He'll get the autographs of all the ladies on the program.

He lives for it. He knows it. He loves it.

I recall another time when we were rehearsing and on a break when he did a little Charlie Chapman dance routine, complete with hat and cane.

And another time when he gave directions to a lovely friend of mine on some dance moves. She went along with him laughing all the while (I think there may be video evidence of this one...).

During shows, if he has to come with me, he sits quietly off-stage in the back corner, watches a movie and draws. If he needs to leave the green room for any reason, he knows which adult to ask for help (don't ask me how me hows stage appearance order, but he does) and they are more than happy to help.

Autistic or not, when you grow up with something, something with definite rules and boundaries, they become second nature to you. You just know. You just do.

So tonight when we go to rehearsal again, I know just where he will be. Sitting 3 rows back, left side (down stage right), 2nd seat in, playing on his iPad and munching on Cheetos.

He is my theater baby. :)

 Playing in the wood shop....

In the green room with Mommy...

In the dressing room while Mommy directed the Wardrobe crew. (He loved Brandon's spot the most!)

This mannequin in the Costume Shop brought him great joy.

Thursday, April 4, 2013

We adjust. We adapt. We overcome.

Often when we talk about our lives with Autism we keep it sunny. We try to show the lighter side. We are hesitant to share the dark moments, the negativity, the trials, the tribulations, the tears.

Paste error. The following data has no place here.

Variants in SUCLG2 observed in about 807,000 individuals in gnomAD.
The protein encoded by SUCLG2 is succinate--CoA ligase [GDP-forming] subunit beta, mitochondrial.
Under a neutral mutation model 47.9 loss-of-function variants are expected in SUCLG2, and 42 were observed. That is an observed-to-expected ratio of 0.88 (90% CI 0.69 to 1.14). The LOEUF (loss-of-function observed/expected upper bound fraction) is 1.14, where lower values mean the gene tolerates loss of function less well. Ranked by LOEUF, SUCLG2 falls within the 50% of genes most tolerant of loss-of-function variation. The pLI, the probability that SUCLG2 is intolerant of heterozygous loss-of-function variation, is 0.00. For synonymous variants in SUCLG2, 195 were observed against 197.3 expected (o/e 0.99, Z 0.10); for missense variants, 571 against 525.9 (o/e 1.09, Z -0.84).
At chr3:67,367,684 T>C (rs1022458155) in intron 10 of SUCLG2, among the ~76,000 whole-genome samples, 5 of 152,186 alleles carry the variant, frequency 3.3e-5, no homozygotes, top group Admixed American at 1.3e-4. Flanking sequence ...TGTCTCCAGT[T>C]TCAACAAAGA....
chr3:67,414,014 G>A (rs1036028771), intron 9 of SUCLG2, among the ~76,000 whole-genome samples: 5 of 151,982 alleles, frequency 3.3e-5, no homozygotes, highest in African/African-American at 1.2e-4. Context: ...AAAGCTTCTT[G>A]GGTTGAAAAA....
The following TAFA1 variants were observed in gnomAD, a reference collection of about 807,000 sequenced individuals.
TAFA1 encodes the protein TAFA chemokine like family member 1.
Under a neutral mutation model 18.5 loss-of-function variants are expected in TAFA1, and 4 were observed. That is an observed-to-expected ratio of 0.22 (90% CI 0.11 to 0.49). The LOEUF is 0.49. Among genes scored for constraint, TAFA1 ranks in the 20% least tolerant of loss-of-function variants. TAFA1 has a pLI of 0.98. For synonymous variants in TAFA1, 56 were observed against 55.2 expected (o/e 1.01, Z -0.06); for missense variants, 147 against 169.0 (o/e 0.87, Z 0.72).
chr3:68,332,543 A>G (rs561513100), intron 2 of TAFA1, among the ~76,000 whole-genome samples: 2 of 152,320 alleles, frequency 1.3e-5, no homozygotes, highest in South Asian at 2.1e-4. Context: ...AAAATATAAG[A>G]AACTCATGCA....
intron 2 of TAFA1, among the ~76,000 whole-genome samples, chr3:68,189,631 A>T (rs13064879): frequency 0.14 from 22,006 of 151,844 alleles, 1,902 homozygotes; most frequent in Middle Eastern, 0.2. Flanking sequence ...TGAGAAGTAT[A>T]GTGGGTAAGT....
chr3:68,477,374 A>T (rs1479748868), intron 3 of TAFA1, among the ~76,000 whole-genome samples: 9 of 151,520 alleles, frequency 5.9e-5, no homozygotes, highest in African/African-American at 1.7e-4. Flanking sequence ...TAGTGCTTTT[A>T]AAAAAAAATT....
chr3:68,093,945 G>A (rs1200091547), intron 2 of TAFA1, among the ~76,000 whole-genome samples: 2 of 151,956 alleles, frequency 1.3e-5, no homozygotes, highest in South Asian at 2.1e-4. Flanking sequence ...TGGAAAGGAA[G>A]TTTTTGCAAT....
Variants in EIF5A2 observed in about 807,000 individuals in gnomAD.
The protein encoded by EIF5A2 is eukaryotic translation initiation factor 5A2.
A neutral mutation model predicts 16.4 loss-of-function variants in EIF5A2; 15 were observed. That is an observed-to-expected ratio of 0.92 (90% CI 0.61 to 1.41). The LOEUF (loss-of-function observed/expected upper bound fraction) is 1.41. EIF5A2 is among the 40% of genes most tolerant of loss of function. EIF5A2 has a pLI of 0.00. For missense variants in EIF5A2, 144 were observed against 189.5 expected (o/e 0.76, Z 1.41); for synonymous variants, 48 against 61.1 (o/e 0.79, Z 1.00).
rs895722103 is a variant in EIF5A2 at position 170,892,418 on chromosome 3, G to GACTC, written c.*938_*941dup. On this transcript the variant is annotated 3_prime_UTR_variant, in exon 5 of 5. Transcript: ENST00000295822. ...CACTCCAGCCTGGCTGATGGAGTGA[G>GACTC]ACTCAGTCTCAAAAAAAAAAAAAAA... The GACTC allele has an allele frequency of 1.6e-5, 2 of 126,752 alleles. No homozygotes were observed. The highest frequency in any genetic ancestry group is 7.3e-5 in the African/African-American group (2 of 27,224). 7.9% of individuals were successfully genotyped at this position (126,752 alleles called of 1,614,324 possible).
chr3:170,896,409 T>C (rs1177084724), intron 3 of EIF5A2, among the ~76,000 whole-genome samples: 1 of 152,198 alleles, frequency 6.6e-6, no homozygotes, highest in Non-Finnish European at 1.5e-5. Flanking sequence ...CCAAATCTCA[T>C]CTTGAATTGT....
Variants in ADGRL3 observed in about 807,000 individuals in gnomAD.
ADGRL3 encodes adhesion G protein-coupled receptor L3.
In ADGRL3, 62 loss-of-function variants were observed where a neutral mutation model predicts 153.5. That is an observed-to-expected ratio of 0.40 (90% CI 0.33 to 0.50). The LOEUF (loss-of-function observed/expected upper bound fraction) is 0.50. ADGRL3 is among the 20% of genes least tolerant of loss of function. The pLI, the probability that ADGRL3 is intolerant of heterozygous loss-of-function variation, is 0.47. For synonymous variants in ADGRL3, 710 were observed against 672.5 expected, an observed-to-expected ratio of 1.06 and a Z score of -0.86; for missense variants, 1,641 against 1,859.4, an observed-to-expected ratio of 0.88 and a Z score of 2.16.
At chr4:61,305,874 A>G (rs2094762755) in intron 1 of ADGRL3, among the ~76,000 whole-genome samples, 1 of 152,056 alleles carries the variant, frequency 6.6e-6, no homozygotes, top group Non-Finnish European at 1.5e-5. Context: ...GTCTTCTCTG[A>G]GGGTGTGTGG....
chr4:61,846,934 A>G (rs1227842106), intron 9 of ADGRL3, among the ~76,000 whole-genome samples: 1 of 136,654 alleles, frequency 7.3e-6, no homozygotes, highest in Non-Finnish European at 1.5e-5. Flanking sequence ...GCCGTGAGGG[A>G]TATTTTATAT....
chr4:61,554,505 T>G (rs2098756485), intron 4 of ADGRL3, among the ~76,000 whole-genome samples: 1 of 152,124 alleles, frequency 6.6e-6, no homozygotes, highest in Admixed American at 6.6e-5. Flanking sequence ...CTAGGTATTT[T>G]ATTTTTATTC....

We are afraid.

We feel hopeless.

We don't want the "stigma."

The reality is, we face some pretty hard stuff with our kiddos.

We deal with self-injurious behaviors. We deal with aggression. We deal with meltdowns. We get hit, punched, bruised, and cry. Sometimes it's a rare occurrence. Sometimes, it can be daily.

It isn't often that anyone speaks about it. Often, when someone does they are criticized and called horrible parents. Those that judge are those who have no idea. They have no experience. They have no understanding. Or, if they have kiddos on the spectrum, they are in a deep state of denial that they cannot possibly admit that they sometimes feel like failures. That they too, do these things and feel what they feel. No one wants to admit that it can happen to them.

We try to know all the answers. We pretend. We fight. We put up a strong front.

I don't care who you are. Mom. Dad. Grandma. Grandpa. Aunt. Uncle. Sibling. Friend. You do it too.

This is the voice that is lost. This is what we are missing. This is the part of our journey through the adventure of life that can help others not feel like an island.

Don't get me wrong here, though. Are things often fantastic? Yes. Do we love our children unconditionally? Yes. Do we accept them and love them as they are for all their quirks and hardships? You betcha. Would we change them? In my case, absolutely not.

But surely the world cannot expect that our children do not misbehave. That they do not have meltdowns (not the same as tantrums!). That they do not have off moments.

That would be as lacking as the assumption that they are not loving, fun, enjoyable, creative, little human beings with a ton of love and happiness to share.

My son loves to be happy. He strives to please. He's very creative. He's even working on the 4th book in his little chapter book series. He is the most loving child I know. He wants to snuggle, play, dote on the cats, and create. He is a great inventor after all. :)

But even we have our off moments. Our not so sunny days. It would be wrong to deny us that admission. It would be wrong to judge us differently or more harshly as a result of it. We aren't any different. We just have different trials.

We adjust. We adapt. We overcome.